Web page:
Entries with tag hydrogel.

Robot Muscles Propel Automatons

University of Illinois at Urbana-Champaign researchers have developed small robots with biomimetic muscular engines that enable the machines to move across a surface or through a liquid. Biomimetics is the study and imitation of the biological substances and mechanisms for the purpose of solving complex problems. The University of Illinois scientists are designing their system for use as sensors able to operate autonomously and, in some cases, respond to problems. The tiny muscular robot—which is made of soft hydrogels—could, for example, detect a target toxic chemical in water, move to the substance, and release material to neutralize it. (Tech Crunch)(University of Illinois at Urbana-Champaign)

3D-Printed “Liver” Detoxifies Body

University of California at San Diego scientists have used a 3D printer to create a device—inspired by the human liver—that attracts and removes toxins from the body. The biomimetic 3D detoxifier uses 3D-printed hydrogels—which contain nanoparticles that sense, attract, and capture toxins—arranged in a matrix. The researchers’ proof-of-concept device could lead to the creation of other 3D-printed medical devices. They published their findings in the journal Nature Communications. (re/Code)(Nature Communications)

Printable, Electrically Conductive Gel Created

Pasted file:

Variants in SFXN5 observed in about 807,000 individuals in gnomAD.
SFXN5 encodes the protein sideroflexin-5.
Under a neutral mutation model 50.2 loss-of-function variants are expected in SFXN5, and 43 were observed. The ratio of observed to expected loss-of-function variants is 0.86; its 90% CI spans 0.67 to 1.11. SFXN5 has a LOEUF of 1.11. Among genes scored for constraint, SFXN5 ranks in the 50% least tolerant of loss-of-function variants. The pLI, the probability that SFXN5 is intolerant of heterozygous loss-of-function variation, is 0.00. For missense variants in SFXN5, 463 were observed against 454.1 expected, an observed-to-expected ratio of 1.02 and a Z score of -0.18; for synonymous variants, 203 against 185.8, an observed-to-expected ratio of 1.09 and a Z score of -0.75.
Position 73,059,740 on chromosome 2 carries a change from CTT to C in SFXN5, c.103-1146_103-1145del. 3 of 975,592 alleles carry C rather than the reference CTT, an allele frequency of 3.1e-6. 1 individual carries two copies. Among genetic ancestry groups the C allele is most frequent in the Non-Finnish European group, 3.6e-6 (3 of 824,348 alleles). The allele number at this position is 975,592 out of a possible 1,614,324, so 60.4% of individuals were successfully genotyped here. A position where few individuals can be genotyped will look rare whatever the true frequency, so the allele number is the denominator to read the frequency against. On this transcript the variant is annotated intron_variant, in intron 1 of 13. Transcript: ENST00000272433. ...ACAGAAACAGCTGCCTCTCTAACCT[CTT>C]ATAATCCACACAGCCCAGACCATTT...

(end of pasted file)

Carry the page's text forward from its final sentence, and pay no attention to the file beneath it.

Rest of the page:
Stanford researchers have developed a simple-to-make, electrically conductive gel that is similar in appearance to biological tissue, but can conduct electricity like a semiconductor. Researchers made the hydrogel using aniline and phytic acid, which form a porous, sponge-like structure. The pores expand the gel’s surface area, which increases both the amount of charge it can hold and its electrical response. Phytic acid acts like a dopant in the material, making it highly conductive. The material can be sprayed in liquid form onto a surface because it does not form into a gel until it is in place. This, says researchers, means that intricately patterned electrodes could be affordably made. Devices made with the material could include medical probes, laboratory biological sensors, biofuel cells, and high-energy density capacitors. The findings have been published in the Proceedings of the National Academy of Sciences. (Science Daily)(Gizmag)(Stanford University)(Proceedings of the National Academy of Sciences)

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